Imagine your life as a slot machine. The goal is to make all the windows turn up cherries. Now suppose that instead of spinning all the reels each time you pull, you could freeze in place the cherries already won, thus reducing the number of variables needed for a win.
You'd be more likely to get lucky, right?
That metaphor comes courtesy of Janice Kaplan and Barnaby Marsh in their new book, How Luck Happens: Using the Science of Luck to Transform Work, Love, and Life. It's also an excellent representation of what happens as a startup entrepreneur scales into the role of CEO and suggests how she can stay lucky as the leader of a larger organization.
To get those first cherries lined up--the right product, the right market, the right team--founders leverage principles of luck described by the authors. They try to be places where good things can find them. They spend time with people--often non-obvious ones--who may produce valuable ideas or connections. They take unexpected paths. They pursue multiple opportunities.
Entrepreneurs still do those things as they grow into mature leaders. But many of them become harder to do. As organizations gain mass, focus and stability become important. Swinging and swinging and swinging again is no longer possible. As the leader's team expands, she often spends less time with people outside or on the peripheries of her domain--those "weak ties" that create more opportunities for luck.
Luck occurs at the intersection of chance, talent, and hard work, the authors say. Think of talent and hard work as the cherries you can control, setting yourself up to benefit from opportunities when they materialize, either randomly or as the result of events you set in motion in the past, perhaps without realizing it. As you pursue that last cherry, follow these practices to maximize your luck.
Make your workforce lucky.
Probably the best way to be a lucky leader is to position employees for luck. "The people in leadership positions have already made a lot of luck for themselves," says Marsh. If people below them have the same or better opportunities, the whole company benefits. So, for example, employees should be encouraged to take risks--with safety nets in place--to "zig where others zag," as Kaplan puts it. Sending employees out to conferences or trade shows or into the field multiplies their number of weak ties. Giving employees time to pursue their own projects increases the chance they'll discover something and, because it's their baby, pursue it with the passion that produces lucky results.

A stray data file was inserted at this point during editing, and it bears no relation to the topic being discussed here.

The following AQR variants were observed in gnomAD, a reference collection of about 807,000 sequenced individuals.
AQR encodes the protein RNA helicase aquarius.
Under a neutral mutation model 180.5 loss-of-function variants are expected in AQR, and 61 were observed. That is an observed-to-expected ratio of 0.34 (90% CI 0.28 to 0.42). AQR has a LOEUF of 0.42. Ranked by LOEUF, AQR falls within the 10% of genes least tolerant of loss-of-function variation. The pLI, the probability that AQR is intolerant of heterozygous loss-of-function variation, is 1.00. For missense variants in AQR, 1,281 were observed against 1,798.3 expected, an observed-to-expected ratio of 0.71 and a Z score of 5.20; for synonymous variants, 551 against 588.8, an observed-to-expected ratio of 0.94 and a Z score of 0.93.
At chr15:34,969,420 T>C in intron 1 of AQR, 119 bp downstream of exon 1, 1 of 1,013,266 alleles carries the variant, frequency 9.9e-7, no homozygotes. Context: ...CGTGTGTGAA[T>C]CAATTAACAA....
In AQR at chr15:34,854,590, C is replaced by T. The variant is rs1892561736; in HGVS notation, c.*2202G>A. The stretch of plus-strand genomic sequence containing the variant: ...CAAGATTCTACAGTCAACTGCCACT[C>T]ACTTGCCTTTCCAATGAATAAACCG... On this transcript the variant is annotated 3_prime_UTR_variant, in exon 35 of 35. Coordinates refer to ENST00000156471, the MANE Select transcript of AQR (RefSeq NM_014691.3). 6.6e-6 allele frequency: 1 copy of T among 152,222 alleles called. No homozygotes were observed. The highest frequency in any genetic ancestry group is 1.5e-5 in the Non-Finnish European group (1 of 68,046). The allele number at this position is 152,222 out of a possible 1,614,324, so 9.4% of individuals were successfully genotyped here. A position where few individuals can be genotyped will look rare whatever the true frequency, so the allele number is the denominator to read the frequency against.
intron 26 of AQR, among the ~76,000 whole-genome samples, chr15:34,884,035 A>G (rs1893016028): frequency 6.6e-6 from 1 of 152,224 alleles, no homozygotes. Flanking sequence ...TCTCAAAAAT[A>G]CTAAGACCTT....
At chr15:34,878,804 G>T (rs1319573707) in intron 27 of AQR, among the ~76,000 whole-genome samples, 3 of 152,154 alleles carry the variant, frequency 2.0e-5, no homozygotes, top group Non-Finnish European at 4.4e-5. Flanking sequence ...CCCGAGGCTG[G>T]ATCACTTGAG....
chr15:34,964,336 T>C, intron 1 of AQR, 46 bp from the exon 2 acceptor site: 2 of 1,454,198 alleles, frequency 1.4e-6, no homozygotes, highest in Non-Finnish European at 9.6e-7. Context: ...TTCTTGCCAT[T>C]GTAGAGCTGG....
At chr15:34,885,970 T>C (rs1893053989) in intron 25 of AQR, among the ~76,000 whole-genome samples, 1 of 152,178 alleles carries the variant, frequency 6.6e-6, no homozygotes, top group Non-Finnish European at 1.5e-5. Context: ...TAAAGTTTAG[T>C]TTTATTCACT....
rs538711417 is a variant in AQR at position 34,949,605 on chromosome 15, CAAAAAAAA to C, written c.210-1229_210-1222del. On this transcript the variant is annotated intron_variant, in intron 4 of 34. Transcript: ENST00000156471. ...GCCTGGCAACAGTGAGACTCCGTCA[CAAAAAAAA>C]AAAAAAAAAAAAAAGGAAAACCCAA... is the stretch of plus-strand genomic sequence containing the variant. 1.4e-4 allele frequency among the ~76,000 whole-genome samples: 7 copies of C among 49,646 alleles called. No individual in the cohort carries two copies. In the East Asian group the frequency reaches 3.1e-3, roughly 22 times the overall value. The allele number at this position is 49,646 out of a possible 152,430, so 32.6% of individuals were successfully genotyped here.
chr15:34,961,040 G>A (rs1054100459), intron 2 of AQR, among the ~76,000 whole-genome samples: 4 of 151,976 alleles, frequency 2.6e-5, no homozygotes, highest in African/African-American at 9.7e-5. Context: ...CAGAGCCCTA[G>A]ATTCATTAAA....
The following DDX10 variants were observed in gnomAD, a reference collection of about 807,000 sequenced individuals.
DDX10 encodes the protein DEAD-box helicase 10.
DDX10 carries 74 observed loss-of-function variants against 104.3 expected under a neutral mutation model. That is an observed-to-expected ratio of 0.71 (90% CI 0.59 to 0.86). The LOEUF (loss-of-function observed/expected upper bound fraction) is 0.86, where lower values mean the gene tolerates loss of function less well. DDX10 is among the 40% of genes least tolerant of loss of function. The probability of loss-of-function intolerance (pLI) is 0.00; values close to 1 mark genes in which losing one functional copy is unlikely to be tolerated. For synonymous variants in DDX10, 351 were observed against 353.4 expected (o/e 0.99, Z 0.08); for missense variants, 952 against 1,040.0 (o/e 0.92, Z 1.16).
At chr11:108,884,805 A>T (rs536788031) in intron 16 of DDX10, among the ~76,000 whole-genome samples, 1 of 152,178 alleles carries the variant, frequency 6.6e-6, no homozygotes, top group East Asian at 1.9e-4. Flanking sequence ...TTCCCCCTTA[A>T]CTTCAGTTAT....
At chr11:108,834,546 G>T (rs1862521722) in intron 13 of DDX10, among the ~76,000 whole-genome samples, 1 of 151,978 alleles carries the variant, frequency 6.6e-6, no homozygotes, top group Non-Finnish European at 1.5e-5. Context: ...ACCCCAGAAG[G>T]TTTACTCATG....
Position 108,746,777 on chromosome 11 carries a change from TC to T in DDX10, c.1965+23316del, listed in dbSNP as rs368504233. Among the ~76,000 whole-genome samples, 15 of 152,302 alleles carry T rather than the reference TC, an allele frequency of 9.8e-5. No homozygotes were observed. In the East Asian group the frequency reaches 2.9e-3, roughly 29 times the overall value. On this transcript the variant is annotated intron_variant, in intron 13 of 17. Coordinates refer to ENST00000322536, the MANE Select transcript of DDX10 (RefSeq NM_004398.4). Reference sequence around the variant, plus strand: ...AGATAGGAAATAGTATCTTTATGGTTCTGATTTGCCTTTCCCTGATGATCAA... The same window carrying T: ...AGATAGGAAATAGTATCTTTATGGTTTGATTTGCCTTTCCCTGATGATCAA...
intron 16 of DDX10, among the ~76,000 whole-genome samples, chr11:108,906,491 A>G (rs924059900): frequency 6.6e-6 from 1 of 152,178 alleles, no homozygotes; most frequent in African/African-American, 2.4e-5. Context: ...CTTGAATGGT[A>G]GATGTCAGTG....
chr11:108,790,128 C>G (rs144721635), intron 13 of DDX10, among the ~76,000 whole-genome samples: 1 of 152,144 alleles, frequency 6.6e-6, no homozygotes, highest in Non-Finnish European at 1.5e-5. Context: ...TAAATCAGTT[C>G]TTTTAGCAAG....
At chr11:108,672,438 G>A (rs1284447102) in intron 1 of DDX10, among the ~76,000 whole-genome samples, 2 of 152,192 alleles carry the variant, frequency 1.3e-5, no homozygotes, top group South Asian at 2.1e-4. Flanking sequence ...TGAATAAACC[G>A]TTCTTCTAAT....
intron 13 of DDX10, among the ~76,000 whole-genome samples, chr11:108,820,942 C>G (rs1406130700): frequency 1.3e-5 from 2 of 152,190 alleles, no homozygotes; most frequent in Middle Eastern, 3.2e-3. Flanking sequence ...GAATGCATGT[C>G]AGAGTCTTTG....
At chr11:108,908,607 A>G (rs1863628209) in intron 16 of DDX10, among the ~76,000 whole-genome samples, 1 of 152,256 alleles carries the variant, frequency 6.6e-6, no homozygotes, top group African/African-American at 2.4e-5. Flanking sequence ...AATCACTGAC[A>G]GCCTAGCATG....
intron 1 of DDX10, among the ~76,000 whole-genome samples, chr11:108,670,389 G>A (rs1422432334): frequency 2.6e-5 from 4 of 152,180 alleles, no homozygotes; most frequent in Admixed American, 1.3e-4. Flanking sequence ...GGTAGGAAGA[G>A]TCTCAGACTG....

Zoom in, zoom out.
Luck happens when you spy opportunities. Many opportunities dwell in the blue-sky world of strategy, where leaders prefer to concentrate. But smaller opportunities often hide in the day-to-day details of operation. "If you're a leader who is always looking at the wider strategy, you may not see the immediate things that are going on," says Kaplan. "And if you focus on the immediate things, you may miss the wider picture." Moving back and forth between both kinds of attention, she says, is what makes luck.
Luck is not always created by big, cataclysmic events: the blockbuster product, the IPO. In fact, big events that seem lucky may not be so. Plenty of major acquisitions go south in the execution, just as some lottery winners go broke. What matters is the outcome. And truly lucky outcomes are often the result of "many small events that add up," says Kaplan. So rather than just pursuing that $10 million win, pay attention to the penny whose value doubles and doubles and doubles again every day. (You'll have $10 million in a month.) In strategy terms, rather than pursue the major acquisition, try opening stores in great locations one by one by one.
Share the bounty.
Luck is not a zero-sum game. Companies are constantly coming up with great ideas they are not in a position to use. And while squirreling them away in an IP vault is sometimes the wise option, other times it is better to share with other leaders and businesses. It's a way of putting something out there in the hope of eventual reciprocation. "If I have an idea or piece of luck that I can't use and I share with you, then that is a good thing for both of us," says Kaplan. "Givers get a lot more back."
Accentuate the positive.
Make sure employees feel appreciated so they're motivated to go the extra mile for you. Retain the energy and persistence to keep putting yourself in opportunity's path. "Optimism and positivity" says Kaplan, "are great traits for creating luck."